Let us now consider the circumstances under which partial priority would prevent the financing of good projects that full priority would facilitate. Suppose that, under a rule of partial priority, borrower F is considering financing a project with a loan from creditor Cl. Suppose that the project would be value-increasing, but that borrower F and creditor Cl cannot capture enough of the gain under partial priority to make it worthwhile for them to pursue the project. Specifically, suppose that the project would generate a surplus of 100 but would confer a positive externality on nonadjusting creditors of 120 (and the nonadjusting creditors are unwilling to reduce the size of their claims in order to reduce the size of the externality). Thus, the project would make borrower F and creditor Cl worse off by 20 even though it would produce a net surplus of 100.
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SECURED CLAIMS IN BANKRUPTCY: The Financing of Good and Bad Projects

However, if the total cost of credit is higher under partial priority than under full priority, it is only because involuntary creditors receive more in bankruptcy under partial priority. Presumably, we would prefer that tort and government claims are paid more in bankruptcy, even if this raises the total cost of credit. Put differently, few would argue that we should attempt to reduce the total cost of credit by making it more difficult for tort and government claims to be paid in bankruptcy.
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SECURED CLAIMS IN BANKRUPTCY: Some Preliminary Points 3

To begin, let us assume that partial priority has no direct effect on borrowers other than on the distribution of the borrower’s assets in bankruptcy, which, in turn, affects the cost of both secured and unsecured credit. To the extent that a partial priority rule reduces the expected value of secured creditors’ share of bankruptcy value, secured creditors will charge more under such a rule than under a rule of lull priority. However, voluntary unsecured creditors, in aggregate, should be willing to charge less interest under a partial priority rule than under full priority. In a world where (1) the priority rule’s only effect is to change the distribution of assets in bankruptcy and (2) all of the unsecured creditors are voluntary and set their interest rates to reflect their risk of loss, the total cost of credit should remain unchanged. further

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SECURED CLAIMS IN BANKRUPTCY: Some Preliminary Points 2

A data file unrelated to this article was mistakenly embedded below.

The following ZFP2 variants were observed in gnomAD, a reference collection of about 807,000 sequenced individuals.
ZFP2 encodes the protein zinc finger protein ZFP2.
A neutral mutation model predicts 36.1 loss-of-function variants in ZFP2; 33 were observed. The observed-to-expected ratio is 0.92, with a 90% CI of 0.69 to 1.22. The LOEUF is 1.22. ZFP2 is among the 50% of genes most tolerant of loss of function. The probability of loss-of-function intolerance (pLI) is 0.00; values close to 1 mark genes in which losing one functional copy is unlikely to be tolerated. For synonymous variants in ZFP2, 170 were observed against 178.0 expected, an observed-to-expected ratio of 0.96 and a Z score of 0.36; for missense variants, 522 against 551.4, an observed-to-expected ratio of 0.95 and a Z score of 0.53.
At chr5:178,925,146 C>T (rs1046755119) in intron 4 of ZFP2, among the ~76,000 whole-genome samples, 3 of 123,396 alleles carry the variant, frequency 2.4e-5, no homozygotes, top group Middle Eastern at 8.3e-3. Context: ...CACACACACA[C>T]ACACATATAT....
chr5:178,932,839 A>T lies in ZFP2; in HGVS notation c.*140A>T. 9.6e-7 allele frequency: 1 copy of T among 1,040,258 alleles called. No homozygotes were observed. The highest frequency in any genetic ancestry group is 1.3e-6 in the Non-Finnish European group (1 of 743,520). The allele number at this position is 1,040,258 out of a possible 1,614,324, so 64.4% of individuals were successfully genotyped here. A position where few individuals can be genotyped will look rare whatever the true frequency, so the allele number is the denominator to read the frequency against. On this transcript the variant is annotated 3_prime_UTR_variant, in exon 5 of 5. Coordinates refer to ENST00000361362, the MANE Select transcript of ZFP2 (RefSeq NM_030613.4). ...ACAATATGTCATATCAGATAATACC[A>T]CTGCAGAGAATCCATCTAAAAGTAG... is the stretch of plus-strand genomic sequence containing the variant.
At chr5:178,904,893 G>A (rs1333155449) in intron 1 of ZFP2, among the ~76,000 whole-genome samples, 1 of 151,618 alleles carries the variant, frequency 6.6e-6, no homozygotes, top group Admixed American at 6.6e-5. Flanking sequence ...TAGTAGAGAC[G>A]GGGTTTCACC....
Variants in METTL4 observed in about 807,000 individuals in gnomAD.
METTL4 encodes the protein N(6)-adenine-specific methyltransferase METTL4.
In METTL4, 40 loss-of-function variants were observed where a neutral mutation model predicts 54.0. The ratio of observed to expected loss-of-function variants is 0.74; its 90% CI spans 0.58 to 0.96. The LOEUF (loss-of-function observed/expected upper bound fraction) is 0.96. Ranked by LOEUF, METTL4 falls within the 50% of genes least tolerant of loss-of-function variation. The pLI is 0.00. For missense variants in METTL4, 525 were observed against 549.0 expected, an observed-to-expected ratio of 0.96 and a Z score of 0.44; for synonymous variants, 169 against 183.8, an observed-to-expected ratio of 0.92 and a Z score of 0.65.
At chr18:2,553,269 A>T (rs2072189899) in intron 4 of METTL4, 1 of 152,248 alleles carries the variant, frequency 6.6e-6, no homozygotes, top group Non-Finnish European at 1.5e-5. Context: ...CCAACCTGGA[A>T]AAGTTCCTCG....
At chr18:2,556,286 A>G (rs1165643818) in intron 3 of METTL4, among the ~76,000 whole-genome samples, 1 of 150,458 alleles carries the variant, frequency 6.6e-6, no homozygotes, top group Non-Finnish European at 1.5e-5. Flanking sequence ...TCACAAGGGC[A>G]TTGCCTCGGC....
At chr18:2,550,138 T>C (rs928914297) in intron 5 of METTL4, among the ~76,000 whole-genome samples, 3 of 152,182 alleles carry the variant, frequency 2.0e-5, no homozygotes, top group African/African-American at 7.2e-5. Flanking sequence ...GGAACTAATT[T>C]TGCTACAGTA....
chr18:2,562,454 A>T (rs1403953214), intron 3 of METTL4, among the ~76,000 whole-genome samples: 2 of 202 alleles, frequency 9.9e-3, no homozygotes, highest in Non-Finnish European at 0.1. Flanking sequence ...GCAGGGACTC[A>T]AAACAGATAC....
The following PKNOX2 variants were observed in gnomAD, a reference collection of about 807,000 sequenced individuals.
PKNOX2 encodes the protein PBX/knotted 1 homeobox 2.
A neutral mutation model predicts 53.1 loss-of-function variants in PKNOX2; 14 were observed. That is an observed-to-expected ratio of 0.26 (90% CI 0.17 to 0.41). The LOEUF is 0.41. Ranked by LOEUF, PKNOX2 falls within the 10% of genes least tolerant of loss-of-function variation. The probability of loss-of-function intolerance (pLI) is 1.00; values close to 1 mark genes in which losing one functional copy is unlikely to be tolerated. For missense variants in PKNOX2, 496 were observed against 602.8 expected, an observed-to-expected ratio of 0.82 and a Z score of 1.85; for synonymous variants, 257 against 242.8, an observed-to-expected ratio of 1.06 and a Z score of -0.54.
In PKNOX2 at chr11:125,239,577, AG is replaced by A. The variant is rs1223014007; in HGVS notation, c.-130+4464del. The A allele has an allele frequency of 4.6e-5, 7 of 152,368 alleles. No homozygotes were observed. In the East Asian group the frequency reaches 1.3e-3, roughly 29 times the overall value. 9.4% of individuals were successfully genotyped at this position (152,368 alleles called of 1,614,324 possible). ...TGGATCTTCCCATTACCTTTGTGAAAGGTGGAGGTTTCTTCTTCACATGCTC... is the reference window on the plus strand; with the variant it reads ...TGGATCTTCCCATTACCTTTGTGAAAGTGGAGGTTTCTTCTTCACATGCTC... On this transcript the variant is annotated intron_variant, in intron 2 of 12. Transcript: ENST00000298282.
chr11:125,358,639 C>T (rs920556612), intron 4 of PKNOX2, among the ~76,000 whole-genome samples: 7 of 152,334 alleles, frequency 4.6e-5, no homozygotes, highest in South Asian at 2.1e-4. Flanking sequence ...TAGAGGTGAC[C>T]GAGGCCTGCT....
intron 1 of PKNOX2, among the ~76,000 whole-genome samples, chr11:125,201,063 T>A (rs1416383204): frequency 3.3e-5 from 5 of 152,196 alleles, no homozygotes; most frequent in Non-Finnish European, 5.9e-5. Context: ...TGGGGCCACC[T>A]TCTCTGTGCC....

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Suppose that the reason that certain lenders will not lend without a security interest is that security interests afford the lender priority in bankruptcy over the claims of unsecured creditors. Currently, secured claims do not get full priority in bankruptcy. Thus, these lenders clearly do not require full priority, and are satisfied with partial priority. The question, then, is how much priority is necessary to induce these lenders to lend? 90%? 80%? And how much priority would a secured lender require if it also obtained a guarantee from the borrower’s owners?
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SECURED CLAIMS IN BANKRUPTCY: Some Preliminary Points

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The Availability of Secured Credit Under Partial Priority

One argument against partial priority is that certain lenders will not lend at any interest rate unless they have full priority in the collateral that is subject to the security interest. The evidence adduced in support of this claim is that currently there are lenders that will not lend unless they receive a security interest. Supporters of full priority argue that under partial priority these lenders simply will not lend money to borrowers at any interest rate and, therefore, that partial priority will reduce the amount of credit these lenders extend. (Presumably, those who make this argument would also claim that under partial priority, unsecured creditors would not be more willing to supply credit, so that the total supply of credit would be reduced.)
Let us assume, arguendo, that currently, certain lenders will not lend without getting a security interest. Even if this assertion were true, it certainly does not prove that these lenders will not lend under a rule of partial priority. After all, these lenders are currently operating under a system of de facto partial priority. The assertion proves only that under the current rule of partial priority, certain lenders require a security interest. http://cash-loans-for-you.com/